Living For Jesus
 

How to Search the Scriptures

This method of Bible study was perfected in a small group Bible study I participated in for many years. As a group we grew closer to the Lord and each other by using this method to search all of scripture to gain insights into the character of God and his personal plan for our lives. The method is intense, but once learned and practiced becomes easier and less time consuming.

For this form of Bible study to be more than just an intellectual experience those participating must learn to be transparent. Recognize your weaknesses and allow them to be exposed to the group and acknowledged before God. Searching the scriptures is very personal because in it you apply the scriptural understanding you glean from your study to your own life. Application is an important part of this study and must be something that can actually be measured. By that I mean it cannot be so broad that any move in the right direction will be difficult to discern and it must be something that can be related in a specific way.

The content of a Search the Scripture study is up to the participants. Our group would choose a topic, and our leader would then spend several weeks finding scriptures that fit our topic putting them into an order that seemed logical. Often we would use a particular passage doing one verse at a time and adding in other related verses. Passages our group or I personally studied included Psalm 23, 2 Peter 1:3-11, and 1 Corinthians 13. The 2 Peter study took us over a year to complete as we studied individual verses about faith, moral excellence, knowledge, self-control, perseverance, godliness, brotherly kindness, and love.

To really get into the meat of this type of study there are several Bible study tools that are extremely helpful. A Bible is the most obvious tool. A concordance for the version of the Bible you use is also an absolute must. One of the steps in the study is to find cross references. Some Bibles contain a small cross reference index in the back, but these are limited. A complete concordance allows you to find all the scriptures that include specific words in your topic. Vine's Expository Dictionary of Biblical Words is also extremely helpful when defining words. Often our understanding of a word is not the same as that of the Bible writers. Vine's uses the Strong's reference numbers for each word they define. When the Strong's Concordance was written all the Hebrew and Greek words used in the Bible were given reference numbers. You can use these reference numbers to determine which Greek or Hebrew word is being used. Your concordance will list the number of the Greek word next to each scripture reference. For example, the word love can be several different Greek words. It is both a noun and a verb, and in Greek the noun love is a different word from the verb love. The Bible uses two different words with distinct meanings both translated as love in English. Agapao and phileo both mean love. Agapao means love in the sense as Christ loved the church. It's Strong's reference number is 25. Phileo means tender affection, and it's Strong's reference number is 5368. When looking up love in your concordance you can determine if the Greek word used in a particular verse is agapao or phileo. The back of your concordance should have Greek and Hebrew dictionaries. These dictionaries list the words in the order of their Strong's reference number. You can go to Greek word number 25 and find a brief definition of the word agapao. Vine's uses the numbers for each word it defines as well. Vine's offers a more in depth discussion of the definition of the word often sighting examples of use from the Bible and other New Testament era Greek manuscripts. There are other Bible study tools that can be helpful such as commentaries, Bible hand books, or other Greek and Hebrew language aids. If you are working with a group each person can have an additional reference book that they can share from when the group comes together. Thus you get the benefit of many different study aids without needing to own them all yourself.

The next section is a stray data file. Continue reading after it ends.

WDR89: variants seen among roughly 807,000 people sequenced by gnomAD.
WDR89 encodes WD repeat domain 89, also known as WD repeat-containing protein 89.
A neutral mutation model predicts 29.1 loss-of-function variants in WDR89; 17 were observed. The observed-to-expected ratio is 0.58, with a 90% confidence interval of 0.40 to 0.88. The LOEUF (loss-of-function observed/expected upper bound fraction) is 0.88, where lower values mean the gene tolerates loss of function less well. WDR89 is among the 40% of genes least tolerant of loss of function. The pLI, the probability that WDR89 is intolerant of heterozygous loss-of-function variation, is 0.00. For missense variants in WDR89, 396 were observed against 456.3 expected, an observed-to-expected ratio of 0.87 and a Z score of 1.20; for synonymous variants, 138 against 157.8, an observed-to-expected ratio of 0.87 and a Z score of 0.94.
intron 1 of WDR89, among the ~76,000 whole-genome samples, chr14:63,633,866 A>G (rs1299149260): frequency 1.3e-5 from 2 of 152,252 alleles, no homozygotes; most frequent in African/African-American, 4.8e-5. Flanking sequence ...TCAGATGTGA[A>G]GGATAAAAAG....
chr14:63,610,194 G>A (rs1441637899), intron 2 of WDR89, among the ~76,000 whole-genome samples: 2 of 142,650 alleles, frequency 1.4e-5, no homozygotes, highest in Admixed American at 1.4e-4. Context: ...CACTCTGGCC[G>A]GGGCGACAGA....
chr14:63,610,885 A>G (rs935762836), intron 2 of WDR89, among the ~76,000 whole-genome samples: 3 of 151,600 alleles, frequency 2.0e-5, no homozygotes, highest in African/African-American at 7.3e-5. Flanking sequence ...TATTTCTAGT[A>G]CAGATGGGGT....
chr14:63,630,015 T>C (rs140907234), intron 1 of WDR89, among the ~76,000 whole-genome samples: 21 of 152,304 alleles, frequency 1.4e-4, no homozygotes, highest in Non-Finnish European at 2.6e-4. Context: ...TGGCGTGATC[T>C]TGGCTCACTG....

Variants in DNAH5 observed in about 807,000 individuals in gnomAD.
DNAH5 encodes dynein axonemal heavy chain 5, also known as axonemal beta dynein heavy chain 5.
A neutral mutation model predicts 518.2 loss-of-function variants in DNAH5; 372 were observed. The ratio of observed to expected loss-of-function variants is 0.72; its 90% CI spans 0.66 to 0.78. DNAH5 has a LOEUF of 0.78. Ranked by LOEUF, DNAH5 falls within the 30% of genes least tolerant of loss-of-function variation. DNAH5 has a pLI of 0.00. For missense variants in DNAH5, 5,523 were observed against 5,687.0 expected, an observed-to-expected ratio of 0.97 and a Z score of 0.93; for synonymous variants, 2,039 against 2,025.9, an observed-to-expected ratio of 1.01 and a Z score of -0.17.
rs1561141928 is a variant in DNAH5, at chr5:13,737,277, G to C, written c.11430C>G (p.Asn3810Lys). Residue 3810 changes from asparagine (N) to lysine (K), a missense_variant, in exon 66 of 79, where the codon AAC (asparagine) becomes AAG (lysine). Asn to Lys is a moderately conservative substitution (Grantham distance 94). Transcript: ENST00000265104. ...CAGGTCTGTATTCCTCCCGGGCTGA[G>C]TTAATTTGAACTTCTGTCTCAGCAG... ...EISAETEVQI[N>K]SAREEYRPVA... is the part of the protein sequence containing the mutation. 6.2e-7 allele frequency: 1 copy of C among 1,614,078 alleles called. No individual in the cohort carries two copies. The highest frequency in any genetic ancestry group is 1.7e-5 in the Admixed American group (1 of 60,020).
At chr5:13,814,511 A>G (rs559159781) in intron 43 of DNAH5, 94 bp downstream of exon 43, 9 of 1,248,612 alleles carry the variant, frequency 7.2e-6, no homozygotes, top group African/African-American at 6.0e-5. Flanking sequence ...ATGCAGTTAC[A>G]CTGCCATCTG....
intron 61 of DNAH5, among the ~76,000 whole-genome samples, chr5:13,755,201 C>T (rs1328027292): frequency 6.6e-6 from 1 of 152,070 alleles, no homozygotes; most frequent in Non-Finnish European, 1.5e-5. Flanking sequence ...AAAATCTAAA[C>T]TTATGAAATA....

Each week we studied one scripture verse in our study. Each member would work on the verse filling out the Search the Scripture form at home. On the day of our Bible study we would all meet and go over each section of the study form allowing everyone to add their thoughts or comments. When it came time to discuss our applications our leader would ask how it had gone with last week's application. She wrote down what we said each week and held us accountable to relate whether we had been able to accomplish our application or not. This was never used as a time of judgement. We rejoiced with success and helped to determine what caused failure and how we could turn that failure into success. Sometimes that meant admitting that we had bitten off more than we could chew and need ed to take things slower or in smaller steps. Other times it meant realizing that our original application was way off base. Having shared our past week's experiences, we then shared the application for the current week's verse. We ended our study with prayer.